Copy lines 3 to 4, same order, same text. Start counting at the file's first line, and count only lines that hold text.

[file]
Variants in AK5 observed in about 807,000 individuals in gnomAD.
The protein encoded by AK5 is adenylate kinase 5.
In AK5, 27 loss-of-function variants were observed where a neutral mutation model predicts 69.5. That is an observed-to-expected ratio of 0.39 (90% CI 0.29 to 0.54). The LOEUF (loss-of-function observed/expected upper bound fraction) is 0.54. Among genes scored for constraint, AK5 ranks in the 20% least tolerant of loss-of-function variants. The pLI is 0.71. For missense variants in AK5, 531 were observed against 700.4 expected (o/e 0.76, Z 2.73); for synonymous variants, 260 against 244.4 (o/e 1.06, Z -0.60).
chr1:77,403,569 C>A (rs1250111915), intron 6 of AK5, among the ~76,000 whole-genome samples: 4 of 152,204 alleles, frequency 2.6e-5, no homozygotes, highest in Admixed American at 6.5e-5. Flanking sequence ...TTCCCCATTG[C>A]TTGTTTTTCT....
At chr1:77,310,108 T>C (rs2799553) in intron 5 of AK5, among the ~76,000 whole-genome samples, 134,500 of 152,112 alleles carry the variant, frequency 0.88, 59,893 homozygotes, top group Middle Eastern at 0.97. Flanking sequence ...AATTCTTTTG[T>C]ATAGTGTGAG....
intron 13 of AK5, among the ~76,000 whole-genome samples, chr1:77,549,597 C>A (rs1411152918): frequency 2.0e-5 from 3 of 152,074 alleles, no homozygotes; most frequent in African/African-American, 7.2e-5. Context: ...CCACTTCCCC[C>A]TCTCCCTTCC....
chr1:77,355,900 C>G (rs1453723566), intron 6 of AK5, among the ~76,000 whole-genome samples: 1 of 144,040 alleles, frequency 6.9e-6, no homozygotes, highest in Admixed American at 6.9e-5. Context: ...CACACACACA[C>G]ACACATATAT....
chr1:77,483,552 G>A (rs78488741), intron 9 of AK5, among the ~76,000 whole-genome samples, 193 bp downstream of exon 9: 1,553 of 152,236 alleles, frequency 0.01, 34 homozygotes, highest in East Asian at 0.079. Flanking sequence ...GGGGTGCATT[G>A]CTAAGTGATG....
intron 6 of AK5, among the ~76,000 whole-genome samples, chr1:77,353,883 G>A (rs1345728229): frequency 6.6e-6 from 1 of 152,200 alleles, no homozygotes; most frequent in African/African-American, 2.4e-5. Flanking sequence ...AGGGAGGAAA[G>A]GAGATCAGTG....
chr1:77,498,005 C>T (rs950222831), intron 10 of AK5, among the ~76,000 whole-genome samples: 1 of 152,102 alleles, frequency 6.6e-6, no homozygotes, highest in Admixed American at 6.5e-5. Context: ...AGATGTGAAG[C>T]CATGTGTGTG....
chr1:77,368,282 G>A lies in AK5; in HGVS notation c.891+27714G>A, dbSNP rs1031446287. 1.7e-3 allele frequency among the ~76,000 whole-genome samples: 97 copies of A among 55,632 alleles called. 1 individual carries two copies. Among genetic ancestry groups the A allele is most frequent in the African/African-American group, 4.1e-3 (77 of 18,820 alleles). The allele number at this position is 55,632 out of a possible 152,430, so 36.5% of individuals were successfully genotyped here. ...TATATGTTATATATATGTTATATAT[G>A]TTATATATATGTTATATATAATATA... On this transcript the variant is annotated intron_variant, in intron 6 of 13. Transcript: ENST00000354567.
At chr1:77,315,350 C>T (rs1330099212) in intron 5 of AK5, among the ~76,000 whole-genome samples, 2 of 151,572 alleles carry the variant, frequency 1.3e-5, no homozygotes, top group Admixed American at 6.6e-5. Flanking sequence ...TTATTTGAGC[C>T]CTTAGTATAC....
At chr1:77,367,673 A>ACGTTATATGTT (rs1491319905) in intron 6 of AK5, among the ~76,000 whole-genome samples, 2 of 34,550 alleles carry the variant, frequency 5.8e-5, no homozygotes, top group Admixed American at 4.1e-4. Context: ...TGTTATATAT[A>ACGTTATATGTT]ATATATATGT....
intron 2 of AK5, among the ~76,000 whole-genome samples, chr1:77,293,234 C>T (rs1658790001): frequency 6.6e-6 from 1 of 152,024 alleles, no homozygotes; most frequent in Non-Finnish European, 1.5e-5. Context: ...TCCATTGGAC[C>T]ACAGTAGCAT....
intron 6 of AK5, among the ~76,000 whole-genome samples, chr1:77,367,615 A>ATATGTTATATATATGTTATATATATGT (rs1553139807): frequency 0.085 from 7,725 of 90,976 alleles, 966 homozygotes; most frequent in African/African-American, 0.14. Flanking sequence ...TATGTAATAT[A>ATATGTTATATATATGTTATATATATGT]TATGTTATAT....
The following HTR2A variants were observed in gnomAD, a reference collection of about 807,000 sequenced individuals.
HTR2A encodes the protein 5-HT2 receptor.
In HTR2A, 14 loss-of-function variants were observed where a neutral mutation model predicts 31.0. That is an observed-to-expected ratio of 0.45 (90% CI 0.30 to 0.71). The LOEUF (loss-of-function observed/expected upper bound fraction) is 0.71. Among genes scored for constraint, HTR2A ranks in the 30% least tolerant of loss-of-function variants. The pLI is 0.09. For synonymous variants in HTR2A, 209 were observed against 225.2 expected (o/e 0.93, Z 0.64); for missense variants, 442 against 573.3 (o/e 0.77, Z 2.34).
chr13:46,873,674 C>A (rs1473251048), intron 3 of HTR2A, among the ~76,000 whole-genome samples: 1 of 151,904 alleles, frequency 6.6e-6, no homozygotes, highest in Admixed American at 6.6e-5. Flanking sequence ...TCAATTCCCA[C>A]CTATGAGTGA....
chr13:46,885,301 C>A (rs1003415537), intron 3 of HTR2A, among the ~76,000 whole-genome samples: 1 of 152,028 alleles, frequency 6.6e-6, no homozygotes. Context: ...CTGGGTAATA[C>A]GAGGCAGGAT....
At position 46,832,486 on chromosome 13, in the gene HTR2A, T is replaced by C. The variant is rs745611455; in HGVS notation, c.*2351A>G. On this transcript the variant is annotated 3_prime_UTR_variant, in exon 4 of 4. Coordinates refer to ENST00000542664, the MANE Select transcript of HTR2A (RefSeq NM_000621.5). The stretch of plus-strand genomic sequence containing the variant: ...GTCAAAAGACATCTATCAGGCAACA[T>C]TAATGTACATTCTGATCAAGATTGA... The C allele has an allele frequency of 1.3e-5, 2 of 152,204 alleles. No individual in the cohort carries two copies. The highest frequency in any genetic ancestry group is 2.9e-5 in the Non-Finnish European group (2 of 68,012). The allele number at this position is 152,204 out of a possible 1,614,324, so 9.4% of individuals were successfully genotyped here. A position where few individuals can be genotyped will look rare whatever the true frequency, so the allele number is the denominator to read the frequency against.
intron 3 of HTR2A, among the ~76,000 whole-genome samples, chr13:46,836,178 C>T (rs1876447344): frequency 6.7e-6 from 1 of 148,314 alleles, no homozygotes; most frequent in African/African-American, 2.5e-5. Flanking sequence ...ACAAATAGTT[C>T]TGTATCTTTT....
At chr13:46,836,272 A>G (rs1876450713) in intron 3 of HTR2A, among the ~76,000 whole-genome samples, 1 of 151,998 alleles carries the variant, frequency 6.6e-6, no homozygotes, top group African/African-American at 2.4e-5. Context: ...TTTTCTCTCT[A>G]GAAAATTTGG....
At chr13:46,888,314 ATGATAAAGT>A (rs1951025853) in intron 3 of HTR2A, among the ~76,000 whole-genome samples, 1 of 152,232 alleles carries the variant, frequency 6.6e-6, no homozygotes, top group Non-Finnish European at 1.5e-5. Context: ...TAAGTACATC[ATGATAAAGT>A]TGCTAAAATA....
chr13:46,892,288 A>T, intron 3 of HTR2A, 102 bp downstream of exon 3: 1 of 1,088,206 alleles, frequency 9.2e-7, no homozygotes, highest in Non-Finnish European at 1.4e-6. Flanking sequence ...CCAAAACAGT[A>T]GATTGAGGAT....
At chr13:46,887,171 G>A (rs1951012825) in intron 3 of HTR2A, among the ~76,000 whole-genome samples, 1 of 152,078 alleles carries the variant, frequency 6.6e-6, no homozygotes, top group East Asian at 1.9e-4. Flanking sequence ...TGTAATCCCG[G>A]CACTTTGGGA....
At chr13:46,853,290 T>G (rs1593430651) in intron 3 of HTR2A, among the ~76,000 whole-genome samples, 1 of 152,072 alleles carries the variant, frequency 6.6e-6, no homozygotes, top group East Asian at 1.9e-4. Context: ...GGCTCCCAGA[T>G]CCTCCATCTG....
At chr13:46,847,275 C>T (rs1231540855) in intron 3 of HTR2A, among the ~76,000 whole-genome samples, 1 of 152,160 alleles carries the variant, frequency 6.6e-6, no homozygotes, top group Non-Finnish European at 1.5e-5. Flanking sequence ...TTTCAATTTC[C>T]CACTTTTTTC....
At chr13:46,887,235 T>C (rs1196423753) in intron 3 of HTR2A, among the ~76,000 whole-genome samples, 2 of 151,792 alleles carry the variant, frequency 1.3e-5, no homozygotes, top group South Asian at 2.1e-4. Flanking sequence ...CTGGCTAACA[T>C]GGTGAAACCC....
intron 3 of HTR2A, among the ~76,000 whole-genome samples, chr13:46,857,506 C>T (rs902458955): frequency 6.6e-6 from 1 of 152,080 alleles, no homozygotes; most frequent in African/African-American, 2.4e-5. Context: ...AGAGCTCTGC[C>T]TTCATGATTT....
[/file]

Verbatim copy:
In AK5, 27 loss-of-function variants were observed where a neutral mutation model predicts 69.5. That is an observed-to-expected ratio of 0.39 (90% CI 0.29 to 0.54). The LOEUF (loss-of-function observed/expected upper bound fraction) is 0.54. Among genes scored for constraint, AK5 ranks in the 20% least tolerant of loss-of-function variants. The pLI is 0.71. For missense variants in AK5, 531 were observed against 700.4 expected (o/e 0.76, Z 2.73); for synonymous variants, 260 against 244.4 (o/e 1.06, Z -0.60).
chr1:77,403,569 C>A (rs1250111915), intron 6 of AK5, among the ~76,000 whole-genome samples: 4 of 152,204 alleles, frequency 2.6e-5, no homozygotes, highest in Admixed American at 6.5e-5. Flanking sequence ...TTCCCCATTG[C>A]TTGTTTTTCT....